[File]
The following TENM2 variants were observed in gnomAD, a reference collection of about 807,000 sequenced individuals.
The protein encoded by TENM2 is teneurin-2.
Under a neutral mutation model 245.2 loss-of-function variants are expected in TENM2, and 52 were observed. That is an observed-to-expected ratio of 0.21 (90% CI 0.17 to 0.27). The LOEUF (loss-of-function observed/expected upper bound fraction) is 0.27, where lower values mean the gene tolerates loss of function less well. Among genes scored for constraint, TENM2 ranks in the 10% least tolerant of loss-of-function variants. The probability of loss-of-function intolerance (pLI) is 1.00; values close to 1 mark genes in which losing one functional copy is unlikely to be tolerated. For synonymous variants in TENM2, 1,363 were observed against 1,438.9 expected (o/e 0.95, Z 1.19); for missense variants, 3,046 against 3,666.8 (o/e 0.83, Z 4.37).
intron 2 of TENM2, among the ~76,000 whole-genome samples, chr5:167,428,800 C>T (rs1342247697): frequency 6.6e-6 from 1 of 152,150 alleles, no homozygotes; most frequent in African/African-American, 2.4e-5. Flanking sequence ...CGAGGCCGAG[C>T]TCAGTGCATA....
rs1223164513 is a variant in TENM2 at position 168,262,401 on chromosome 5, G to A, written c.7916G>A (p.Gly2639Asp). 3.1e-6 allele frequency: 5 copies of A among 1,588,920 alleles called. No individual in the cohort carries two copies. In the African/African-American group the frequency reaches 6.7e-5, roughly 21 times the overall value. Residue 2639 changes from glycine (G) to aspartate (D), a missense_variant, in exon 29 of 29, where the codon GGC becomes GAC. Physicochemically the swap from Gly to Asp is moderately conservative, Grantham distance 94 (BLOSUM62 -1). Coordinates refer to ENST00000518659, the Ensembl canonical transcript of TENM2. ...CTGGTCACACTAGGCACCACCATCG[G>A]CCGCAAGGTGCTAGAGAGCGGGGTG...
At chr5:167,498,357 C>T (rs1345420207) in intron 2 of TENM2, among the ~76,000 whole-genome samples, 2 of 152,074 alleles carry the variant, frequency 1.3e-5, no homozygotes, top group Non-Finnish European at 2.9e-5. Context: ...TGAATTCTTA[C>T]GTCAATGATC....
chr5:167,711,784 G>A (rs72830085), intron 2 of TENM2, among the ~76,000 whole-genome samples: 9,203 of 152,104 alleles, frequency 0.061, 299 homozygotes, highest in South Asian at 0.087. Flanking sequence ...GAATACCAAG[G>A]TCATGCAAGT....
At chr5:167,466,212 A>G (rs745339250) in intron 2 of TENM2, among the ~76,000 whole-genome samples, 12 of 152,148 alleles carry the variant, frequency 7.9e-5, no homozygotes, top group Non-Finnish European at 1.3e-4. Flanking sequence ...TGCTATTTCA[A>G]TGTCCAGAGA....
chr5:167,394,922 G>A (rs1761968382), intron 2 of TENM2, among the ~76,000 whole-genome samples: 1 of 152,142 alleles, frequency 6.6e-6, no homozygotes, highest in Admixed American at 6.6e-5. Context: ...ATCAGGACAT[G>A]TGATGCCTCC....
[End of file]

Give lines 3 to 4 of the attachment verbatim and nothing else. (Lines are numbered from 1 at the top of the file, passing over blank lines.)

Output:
Under a neutral mutation model 245.2 loss-of-function variants are expected in TENM2, and 52 were observed. That is an observed-to-expected ratio of 0.21 (90% CI 0.17 to 0.27). The LOEUF (loss-of-function observed/expected upper bound fraction) is 0.27, where lower values mean the gene tolerates loss of function less well. Among genes scored for constraint, TENM2 ranks in the 10% least tolerant of loss-of-function variants. The probability of loss-of-function intolerance (pLI) is 1.00; values close to 1 mark genes in which losing one functional copy is unlikely to be tolerated. For synonymous variants in TENM2, 1,363 were observed against 1,438.9 expected (o/e 0.95, Z 1.19); for missense variants, 3,046 against 3,666.8 (o/e 0.83, Z 4.37).
intron 2 of TENM2, among the ~76,000 whole-genome samples, chr5:167,428,800 C>T (rs1342247697): frequency 6.6e-6 from 1 of 152,150 alleles, no homozygotes; most frequent in African/African-American, 2.4e-5. Flanking sequence ...CGAGGCCGAG[C>T]TCAGTGCATA....